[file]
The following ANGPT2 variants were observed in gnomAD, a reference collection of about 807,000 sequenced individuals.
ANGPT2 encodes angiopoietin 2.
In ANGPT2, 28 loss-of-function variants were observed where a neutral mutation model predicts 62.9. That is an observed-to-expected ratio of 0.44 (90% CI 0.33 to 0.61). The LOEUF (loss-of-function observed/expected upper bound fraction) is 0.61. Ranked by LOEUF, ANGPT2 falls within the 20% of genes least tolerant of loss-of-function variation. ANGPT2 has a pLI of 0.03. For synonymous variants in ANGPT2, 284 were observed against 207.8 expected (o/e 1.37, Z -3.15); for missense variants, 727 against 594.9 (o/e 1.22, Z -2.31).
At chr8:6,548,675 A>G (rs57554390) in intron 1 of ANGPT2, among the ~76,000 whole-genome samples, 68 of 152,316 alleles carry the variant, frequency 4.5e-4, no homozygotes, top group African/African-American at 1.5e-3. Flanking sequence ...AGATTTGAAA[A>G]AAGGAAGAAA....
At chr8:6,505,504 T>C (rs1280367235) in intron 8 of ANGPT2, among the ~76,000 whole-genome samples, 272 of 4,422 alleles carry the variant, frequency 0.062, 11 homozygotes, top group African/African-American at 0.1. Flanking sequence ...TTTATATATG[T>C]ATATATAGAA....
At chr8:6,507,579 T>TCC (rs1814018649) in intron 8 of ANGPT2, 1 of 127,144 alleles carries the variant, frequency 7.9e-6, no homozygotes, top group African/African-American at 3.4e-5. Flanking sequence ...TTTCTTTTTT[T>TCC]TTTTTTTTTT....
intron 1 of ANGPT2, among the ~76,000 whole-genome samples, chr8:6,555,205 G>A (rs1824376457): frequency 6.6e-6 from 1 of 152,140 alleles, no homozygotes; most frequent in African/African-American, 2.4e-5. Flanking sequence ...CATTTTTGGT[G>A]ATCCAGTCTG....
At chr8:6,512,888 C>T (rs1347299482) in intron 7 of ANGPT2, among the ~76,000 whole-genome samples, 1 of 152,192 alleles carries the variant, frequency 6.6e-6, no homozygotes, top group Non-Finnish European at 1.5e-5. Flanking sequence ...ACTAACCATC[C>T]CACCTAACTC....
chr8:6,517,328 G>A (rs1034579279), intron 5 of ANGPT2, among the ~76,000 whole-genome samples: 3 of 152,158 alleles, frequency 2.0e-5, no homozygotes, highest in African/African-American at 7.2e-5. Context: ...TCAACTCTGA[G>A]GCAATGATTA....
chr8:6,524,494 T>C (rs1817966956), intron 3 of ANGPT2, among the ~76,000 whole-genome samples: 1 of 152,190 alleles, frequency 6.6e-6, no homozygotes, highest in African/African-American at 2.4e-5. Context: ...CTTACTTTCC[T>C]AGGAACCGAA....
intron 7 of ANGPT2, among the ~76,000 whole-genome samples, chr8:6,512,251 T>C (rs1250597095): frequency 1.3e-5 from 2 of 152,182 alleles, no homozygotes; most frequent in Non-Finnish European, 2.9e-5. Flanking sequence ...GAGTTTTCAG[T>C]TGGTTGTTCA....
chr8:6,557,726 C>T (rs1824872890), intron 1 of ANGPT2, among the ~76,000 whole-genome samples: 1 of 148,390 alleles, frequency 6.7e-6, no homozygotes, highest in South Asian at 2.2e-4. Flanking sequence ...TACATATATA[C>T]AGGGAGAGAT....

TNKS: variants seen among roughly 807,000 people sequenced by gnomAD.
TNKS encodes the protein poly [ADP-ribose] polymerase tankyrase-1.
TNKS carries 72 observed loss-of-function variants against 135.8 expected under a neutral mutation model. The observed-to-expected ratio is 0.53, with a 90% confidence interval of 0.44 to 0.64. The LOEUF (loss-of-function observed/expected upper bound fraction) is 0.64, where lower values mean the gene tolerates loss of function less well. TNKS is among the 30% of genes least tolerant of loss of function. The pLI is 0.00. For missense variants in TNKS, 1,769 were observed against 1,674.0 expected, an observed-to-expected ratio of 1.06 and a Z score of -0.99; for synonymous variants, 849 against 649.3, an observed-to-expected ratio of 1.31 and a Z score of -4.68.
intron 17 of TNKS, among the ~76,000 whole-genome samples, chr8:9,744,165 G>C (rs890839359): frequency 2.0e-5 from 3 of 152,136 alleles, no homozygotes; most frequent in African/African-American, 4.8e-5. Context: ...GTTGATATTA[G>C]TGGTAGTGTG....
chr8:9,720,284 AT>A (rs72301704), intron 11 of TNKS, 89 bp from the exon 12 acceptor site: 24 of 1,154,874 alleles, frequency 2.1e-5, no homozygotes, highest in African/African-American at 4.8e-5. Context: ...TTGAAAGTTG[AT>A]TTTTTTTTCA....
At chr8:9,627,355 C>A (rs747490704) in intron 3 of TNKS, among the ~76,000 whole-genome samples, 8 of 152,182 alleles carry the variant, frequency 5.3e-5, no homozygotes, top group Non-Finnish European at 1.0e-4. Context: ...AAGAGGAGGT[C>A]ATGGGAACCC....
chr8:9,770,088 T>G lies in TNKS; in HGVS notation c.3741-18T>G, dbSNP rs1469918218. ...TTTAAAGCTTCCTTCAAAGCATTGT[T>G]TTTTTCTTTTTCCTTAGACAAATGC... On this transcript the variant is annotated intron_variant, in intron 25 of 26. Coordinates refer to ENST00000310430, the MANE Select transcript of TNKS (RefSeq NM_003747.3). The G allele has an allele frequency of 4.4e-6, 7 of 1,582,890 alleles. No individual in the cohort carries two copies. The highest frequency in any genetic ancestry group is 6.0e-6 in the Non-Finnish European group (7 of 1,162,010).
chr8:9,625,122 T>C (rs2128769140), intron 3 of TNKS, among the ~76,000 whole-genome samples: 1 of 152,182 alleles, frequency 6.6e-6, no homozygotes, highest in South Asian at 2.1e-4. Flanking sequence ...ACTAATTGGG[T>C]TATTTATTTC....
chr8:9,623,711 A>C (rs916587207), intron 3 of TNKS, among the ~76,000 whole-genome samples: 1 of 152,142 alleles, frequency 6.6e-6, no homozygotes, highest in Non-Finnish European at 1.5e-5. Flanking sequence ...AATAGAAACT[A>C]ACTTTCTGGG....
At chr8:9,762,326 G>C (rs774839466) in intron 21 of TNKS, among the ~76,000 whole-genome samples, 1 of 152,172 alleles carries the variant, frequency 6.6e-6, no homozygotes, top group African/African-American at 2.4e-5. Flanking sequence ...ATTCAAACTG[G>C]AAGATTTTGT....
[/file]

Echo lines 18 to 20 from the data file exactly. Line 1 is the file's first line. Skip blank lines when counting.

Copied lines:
At chr8:9,627,355 C>A (rs747490704) in intron 3 of TNKS, among the ~76,000 whole-genome samples, 8 of 152,182 alleles carry the variant, frequency 5.3e-5, no homozygotes, top group Non-Finnish European at 1.0e-4. Context: ...AAGAGGAGGT[C>A]ATGGGAACCC....
chr8:9,770,088 T>G lies in TNKS; in HGVS notation c.3741-18T>G, dbSNP rs1469918218. ...TTTAAAGCTTCCTTCAAAGCATTGT[T>G]TTTTTCTTTTTCCTTAGACAAATGC... On this transcript the variant is annotated intron_variant, in intron 25 of 26. Coordinates refer to ENST00000310430, the MANE Select transcript of TNKS (RefSeq NM_003747.3). The G allele has an allele frequency of 4.4e-6, 7 of 1,582,890 alleles. No individual in the cohort carries two copies. The highest frequency in any genetic ancestry group is 6.0e-6 in the Non-Finnish European group (7 of 1,162,010).
chr8:9,625,122 T>C (rs2128769140), intron 3 of TNKS, among the ~76,000 whole-genome samples: 1 of 152,182 alleles, frequency 6.6e-6, no homozygotes, highest in South Asian at 2.1e-4. Flanking sequence ...ACTAATTGGG[T>C]TATTTATTTC....